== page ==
Team gets the call to report to Center Neptune, but Jason wants to finish the race. Mark is being a poopy-head about obeying orders, even though he is right. On the other hand if Jason obeyed orders, we wouldn't have the Inciting Incident of this episode and without the Inciting Incident, there is no story. So everyone should all be thanking Jason for providing the reason for this episode even existing, instead of putting him down.
Jason wins the race, leaves the track and then he transmutes. Goons pick up a "strange signal". It might be a member of G-Force!
Gee, ya think?
The Zoltar cackles us into the next commercial break.
Ad 1: Butterfinger Peanut Butter Cups, which are supposedly better because they are square and they can play electric guitar like Eddie Van Halen, unlike those round, uncool PB cups that play boring old acoustic guitar and don't vaccinate their children.
Ad 2: The same Nissan ad in the first ad break.
I'm not a fan of Butterfingers and I have not changed my mind on the car in the last 9 minutes, so no, neither ad is relevant to me.
We now return to BoTP...
Spectra is chasing Jason who is in his kick-ass car. The chase goes pretty much the same as in Gatch, but with 75% less violence and death. Spectra shoots at the G2, the car (because I refuse to call it the Spacemobile, which is a stupid name for that car. It has a Gatling gun, for crying out loud!). The car changes back to its civilian form. Then Jason taunts the Spectrans from on top of some rocks, and they shoot him with the ray of forceful awesomeness. He flashes out of Birdstyle after he falls down the other side.
Meanwhile, at Center Neptune...
Chief Anderson is briefing the rest of G-Force. He makes sure to tell us, the audience, that people were evacuated from some place called Lulo, which was attacked by Spectra. Then there is a debate on Jason's punctuality and his not following the rules that is couched in the type of painfully awkward language one uses when they want to give the appearance they're not talking shit about someone else, when in reality, it's painfully obvious they're talking shit about someone else.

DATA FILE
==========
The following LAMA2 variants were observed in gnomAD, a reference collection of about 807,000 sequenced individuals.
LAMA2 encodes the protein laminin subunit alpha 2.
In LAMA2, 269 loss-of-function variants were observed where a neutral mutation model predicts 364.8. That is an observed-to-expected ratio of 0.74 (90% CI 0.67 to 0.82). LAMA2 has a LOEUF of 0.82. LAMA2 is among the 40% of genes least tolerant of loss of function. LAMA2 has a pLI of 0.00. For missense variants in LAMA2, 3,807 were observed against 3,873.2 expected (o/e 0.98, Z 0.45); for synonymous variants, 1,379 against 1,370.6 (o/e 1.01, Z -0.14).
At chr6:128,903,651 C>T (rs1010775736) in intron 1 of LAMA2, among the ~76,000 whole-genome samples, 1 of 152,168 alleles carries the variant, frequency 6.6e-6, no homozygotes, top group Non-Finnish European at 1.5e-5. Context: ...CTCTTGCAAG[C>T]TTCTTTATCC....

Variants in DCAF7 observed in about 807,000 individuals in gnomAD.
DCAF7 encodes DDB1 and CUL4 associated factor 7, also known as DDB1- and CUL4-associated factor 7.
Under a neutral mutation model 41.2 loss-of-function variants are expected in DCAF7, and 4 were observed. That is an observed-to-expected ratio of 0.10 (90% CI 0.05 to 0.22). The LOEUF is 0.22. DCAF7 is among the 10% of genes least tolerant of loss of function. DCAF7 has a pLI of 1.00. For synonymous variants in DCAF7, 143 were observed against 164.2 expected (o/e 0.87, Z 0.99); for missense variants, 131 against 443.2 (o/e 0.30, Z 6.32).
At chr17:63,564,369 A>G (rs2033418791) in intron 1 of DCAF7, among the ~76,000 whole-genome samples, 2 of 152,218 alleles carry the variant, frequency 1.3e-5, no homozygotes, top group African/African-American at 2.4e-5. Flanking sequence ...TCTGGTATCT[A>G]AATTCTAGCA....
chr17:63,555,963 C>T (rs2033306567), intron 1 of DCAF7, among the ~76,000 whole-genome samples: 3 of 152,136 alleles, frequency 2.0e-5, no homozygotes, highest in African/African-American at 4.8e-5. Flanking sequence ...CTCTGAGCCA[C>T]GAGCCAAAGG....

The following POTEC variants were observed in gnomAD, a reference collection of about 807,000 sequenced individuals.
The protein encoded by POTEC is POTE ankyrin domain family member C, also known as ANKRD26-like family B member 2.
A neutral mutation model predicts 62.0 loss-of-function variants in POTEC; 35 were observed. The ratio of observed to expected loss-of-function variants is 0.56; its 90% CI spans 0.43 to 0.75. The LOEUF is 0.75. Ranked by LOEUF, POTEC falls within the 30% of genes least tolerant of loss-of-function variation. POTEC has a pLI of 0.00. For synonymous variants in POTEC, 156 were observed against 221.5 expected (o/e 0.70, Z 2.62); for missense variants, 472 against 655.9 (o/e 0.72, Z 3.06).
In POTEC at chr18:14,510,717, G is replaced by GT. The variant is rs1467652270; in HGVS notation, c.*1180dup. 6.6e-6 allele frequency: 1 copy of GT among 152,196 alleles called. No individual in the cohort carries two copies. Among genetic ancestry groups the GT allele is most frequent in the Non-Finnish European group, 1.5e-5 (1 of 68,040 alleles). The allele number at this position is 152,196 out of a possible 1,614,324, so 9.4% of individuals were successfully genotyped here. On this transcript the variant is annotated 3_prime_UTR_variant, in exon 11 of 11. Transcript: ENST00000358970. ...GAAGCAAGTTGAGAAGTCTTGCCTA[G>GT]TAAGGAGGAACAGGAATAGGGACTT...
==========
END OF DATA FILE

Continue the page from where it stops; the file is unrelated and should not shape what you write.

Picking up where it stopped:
Not long after, Jason shows up. Chief A is pissed off, begins to read Jason the riot act about rules and stuff, even though Jason has something important that the Chief must know. Jason is not happy about getting yelled at or not being believed. He gets a dig in about how it's pointless to tell what happened because the Chief has already judged Jason as being irresponsible.
But the Chief then accuses Jason of lying.
Of course. Because he's the "independent, hot-headed, trifle-eager" one. Don't be like Jason, kids!
(This annoys me more as a middle-aged adult than it ever did as a little kid and it seriously annoyed the living crap out of me as a little kid.)
Also, shouldn't you be more concerned with the fact that your enemy has developed a weapon that can reverse the transmutation process, which could not only compromise the identities of G-Force, but also lead them to bodily harm and/or death than with your chief gunner's punctuality issues?
In that regard, Nambu handles this situation much, much better than Anderson does.
Shots of the team investigating Lulo. Zark has a voiceover where he says that J may be right about this awesome ray force/force ray/awesome thingamabob but "only time will tell."
I find this suspicion of anything Jason says disturbing. Where is the teamwork in that? How do you trust your teammates and superiors with your life when they are always questioning everything you say or do and talking about you behind your back? How do you live in an environment like that and just accept this? IMHO, this is a more harmful message to send to kids than showing people fighting and dying. It says that it's okay to let people disrespect you or for you to disrespect others, and the person being disrespected is supposed to shut up and accept it.
Zark has his usual case of nerves. I got some pretty pink pills that can help with that, you know.
And now as he voices over more shots of the team investigating, Zark admits that Jason is right. Actually, Zark's sensors admit that Jason is right.
Mark comes upon something that catches his attention. He kicks down the door a little louder than necessary, thanks to Mr or Ms Foley Artist for BoTP and he sees a woman trying to send a distress call. The woman is a bit "unhinged", sobs, and then runs off with her "baby", which is actually a doll. Mark goes running after her and when he catches up with her and offers to help he's in for a surprise.